Call it a small victory in a much larger battle over how to fight the semiconductor-counterfeiting war.
The Semiconductor Industry Association received notification this week that the Defense Logistics Agency (DLA) threw it a bone (my phrase, not SIA's) in the battle over DNA marking of semiconductors.
DLA announced that it will allow third-party marking on components in addition to work done by Applied DNA Sciences, which had been the mandated solution to the problem. (See: Anti-Counterfeiting DNA Marking Gets a Boost.)
"Our companies would sell the product and a third party would apply the DNA mark prior to shipping to DLA," David Isaacs, SIA's vice president of government policy, said in an interview Friday. "That partially addresses our concerns."
And those concerns are myriad.
To recap: SIA has long opposed this approach to anti-counterfeiting policy as onerous for components vendors. The industry organization believes the core of the problem is a more open procurement plan adopted by DLA. That could be rectified by tightening procurement so that components are bought from authorized distributors.
In addition, the marking program has a number of unknowns, including whether the marking step itself affects component quality, and, in some cases, may actually void the product warranty.
SIA laid out its concerns in a lengthy document it sent to DLA in the fall.
Keep it simple
But mostly, SIA officials have been seeking a simple resolution to the problem. Said Isaacs: "We've been urging DLA to lock the front door, to require purchasing from authorized distributors."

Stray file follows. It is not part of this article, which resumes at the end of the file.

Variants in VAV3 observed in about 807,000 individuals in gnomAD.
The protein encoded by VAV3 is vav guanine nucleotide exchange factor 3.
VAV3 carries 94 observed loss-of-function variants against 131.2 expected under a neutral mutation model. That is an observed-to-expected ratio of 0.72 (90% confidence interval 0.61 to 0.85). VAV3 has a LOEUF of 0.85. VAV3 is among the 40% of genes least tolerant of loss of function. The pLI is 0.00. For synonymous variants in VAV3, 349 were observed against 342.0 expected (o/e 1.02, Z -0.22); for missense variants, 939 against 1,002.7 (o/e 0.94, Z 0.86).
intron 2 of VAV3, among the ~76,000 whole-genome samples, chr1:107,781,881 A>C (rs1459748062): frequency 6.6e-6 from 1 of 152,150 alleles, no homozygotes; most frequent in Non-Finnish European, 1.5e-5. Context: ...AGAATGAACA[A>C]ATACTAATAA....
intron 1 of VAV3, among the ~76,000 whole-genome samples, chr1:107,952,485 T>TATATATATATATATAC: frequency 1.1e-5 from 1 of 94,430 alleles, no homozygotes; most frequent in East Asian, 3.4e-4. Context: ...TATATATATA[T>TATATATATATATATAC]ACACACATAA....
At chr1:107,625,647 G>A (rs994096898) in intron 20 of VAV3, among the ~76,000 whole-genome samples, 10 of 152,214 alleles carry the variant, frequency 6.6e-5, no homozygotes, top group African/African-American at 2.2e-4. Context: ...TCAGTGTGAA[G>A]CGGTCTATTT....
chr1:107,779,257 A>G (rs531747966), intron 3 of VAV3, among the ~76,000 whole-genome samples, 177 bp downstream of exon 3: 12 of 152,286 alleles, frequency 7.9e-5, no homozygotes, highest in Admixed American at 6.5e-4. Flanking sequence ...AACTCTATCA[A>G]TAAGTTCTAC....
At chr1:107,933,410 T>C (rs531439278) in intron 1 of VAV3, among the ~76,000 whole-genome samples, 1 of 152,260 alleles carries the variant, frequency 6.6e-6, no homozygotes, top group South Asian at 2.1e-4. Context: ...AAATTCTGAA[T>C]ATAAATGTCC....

Currently, DLA has a web-based purchasing process, intended presumably at increased government transparency, which "is open to anyone purchasing components... and injects a lot of uncertainty in the process," Isaacs said.
Added Dustin Todd, SIA's government affairs director, "you can buy authentic product by going through authorized distributors now. The issues exist because its procurement problem."
While this rule represents a tiny fraction of even mil-targeted components (FSC 5962, which SIA estimates generates less than $20 million in annual revenue), the concern is the precedent. Start requiring marking of these devices, and what's to stop DLA from throwing a wider net on more military components?
In addition to urging a front-door solution, the SIA also wants better locks on the back door, at the border.
Before 2008, incoming electronics shipments could be held for 30 days to check for counterfeiting. US Customs and Border Protection (CBP) would send companies photographs of suspect components to verify their legitimacy.
But in June of 2008, for reasons that still puzzle many, the CBP altered that process and started to redact virtually all of the useful information in its photographs. Customs agents take photos of chips, black out the markings on the package, and send the touched-up images to chip manufacturers, SIA said. That renders them useless, Isaacs said.
CBP said it had to do this because its redaction policy limited the information that can be shared with trademark owners. That's because information protected by the Trade Secrets Act cannot be provided to a third party until after seizure, even if that information is intended for the company that holds the trade secret.
Kafka would have had a field day.
But the beat goes on in the larger war on counterfeiting and the natural and evolving tension between government and industry on how best to gird for the battles ahead.
"The battle's not lost because it's part of a bigger issue," Isaacs said. "We're in this for the long haul. We think the technical and other arguments we've brought forward will ultimately prevail."